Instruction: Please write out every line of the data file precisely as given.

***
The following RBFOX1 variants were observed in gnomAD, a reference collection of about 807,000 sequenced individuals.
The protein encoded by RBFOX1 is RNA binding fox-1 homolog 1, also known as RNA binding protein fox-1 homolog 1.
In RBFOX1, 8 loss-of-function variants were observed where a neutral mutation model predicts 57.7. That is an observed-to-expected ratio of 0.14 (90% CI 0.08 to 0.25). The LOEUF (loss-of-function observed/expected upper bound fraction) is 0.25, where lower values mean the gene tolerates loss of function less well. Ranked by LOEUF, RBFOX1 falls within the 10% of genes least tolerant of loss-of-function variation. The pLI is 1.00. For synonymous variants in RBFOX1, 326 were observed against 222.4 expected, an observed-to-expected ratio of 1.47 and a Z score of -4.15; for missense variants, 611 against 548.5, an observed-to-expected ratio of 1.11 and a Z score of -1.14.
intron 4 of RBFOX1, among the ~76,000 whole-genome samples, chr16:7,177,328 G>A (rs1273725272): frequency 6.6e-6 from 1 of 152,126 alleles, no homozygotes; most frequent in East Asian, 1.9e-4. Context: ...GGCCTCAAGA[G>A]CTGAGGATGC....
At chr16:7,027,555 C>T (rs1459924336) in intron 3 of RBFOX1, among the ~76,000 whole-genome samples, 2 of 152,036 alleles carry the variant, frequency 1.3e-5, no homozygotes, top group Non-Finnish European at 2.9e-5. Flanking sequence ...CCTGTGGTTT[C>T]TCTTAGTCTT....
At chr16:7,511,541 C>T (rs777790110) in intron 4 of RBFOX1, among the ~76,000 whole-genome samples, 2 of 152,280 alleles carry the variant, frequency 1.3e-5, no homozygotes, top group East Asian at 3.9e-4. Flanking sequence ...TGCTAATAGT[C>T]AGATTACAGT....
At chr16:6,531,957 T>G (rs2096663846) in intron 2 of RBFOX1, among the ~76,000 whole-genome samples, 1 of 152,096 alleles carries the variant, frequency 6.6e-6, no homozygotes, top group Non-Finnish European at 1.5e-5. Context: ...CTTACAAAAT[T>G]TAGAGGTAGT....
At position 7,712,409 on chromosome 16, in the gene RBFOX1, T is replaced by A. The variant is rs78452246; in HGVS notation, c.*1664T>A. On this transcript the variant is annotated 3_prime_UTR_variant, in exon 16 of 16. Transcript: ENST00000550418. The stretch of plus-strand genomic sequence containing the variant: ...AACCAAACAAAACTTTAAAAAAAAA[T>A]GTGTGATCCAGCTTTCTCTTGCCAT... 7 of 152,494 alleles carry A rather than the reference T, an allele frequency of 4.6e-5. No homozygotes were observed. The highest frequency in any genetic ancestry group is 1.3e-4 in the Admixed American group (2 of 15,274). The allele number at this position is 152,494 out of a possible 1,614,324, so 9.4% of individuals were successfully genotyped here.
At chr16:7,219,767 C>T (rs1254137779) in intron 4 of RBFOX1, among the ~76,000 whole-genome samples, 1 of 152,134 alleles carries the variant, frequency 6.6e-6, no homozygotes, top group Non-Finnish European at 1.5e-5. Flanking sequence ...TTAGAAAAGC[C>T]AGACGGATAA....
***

The following RBFOX1 variants were observed in gnomAD, a reference collection of about 807,000 sequenced individuals.
The protein encoded by RBFOX1 is RNA binding fox-1 homolog 1, also known as RNA binding protein fox-1 homolog 1.
In RBFOX1, 8 loss-of-function variants were observed where a neutral mutation model predicts 57.7. That is an observed-to-expected ratio of 0.14 (90% CI 0.08 to 0.25). The LOEUF (loss-of-function observed/expected upper bound fraction) is 0.25, where lower values mean the gene tolerates loss of function less well. Ranked by LOEUF, RBFOX1 falls within the 10% of genes least tolerant of loss-of-function variation. The pLI is 1.00. For synonymous variants in RBFOX1, 326 were observed against 222.4 expected, an observed-to-expected ratio of 1.47 and a Z score of -4.15; for missense variants, 611 against 548.5, an observed-to-expected ratio of 1.11 and a Z score of -1.14.
intron 4 of RBFOX1, among the ~76,000 whole-genome samples, chr16:7,177,328 G>A (rs1273725272): frequency 6.6e-6 from 1 of 152,126 alleles, no homozygotes; most frequent in East Asian, 1.9e-4. Context: ...GGCCTCAAGA[G>A]CTGAGGATGC....
At chr16:7,027,555 C>T (rs1459924336) in intron 3 of RBFOX1, among the ~76,000 whole-genome samples, 2 of 152,036 alleles carry the variant, frequency 1.3e-5, no homozygotes, top group Non-Finnish European at 2.9e-5. Flanking sequence ...CCTGTGGTTT[C>T]TCTTAGTCTT....
At chr16:7,511,541 C>T (rs777790110) in intron 4 of RBFOX1, among the ~76,000 whole-genome samples, 2 of 152,280 alleles carry the variant, frequency 1.3e-5, no homozygotes, top group East Asian at 3.9e-4. Flanking sequence ...TGCTAATAGT[C>T]AGATTACAGT....
At chr16:6,531,957 T>G (rs2096663846) in intron 2 of RBFOX1, among the ~76,000 whole-genome samples, 1 of 152,096 alleles carries the variant, frequency 6.6e-6, no homozygotes, top group Non-Finnish European at 1.5e-5. Context: ...CTTACAAAAT[T>G]TAGAGGTAGT....
At position 7,712,409 on chromosome 16, in the gene RBFOX1, T is replaced by A. The variant is rs78452246; in HGVS notation, c.*1664T>A. On this transcript the variant is annotated 3_prime_UTR_variant, in exon 16 of 16. Transcript: ENST00000550418. The stretch of plus-strand genomic sequence containing the variant: ...AACCAAACAAAACTTTAAAAAAAAA[T>A]GTGTGATCCAGCTTTCTCTTGCCAT... 7 of 152,494 alleles carry A rather than the reference T, an allele frequency of 4.6e-5. No homozygotes were observed. The highest frequency in any genetic ancestry group is 1.3e-4 in the Admixed American group (2 of 15,274). The allele number at this position is 152,494 out of a possible 1,614,324, so 9.4% of individuals were successfully genotyped here.
At chr16:7,219,767 C>T (rs1254137779) in intron 4 of RBFOX1, among the ~76,000 whole-genome samples, 1 of 152,134 alleles carries the variant, frequency 6.6e-6, no homozygotes, top group Non-Finnish European at 1.5e-5. Flanking sequence ...TTAGAAAAGC[C>T]AGACGGATAA....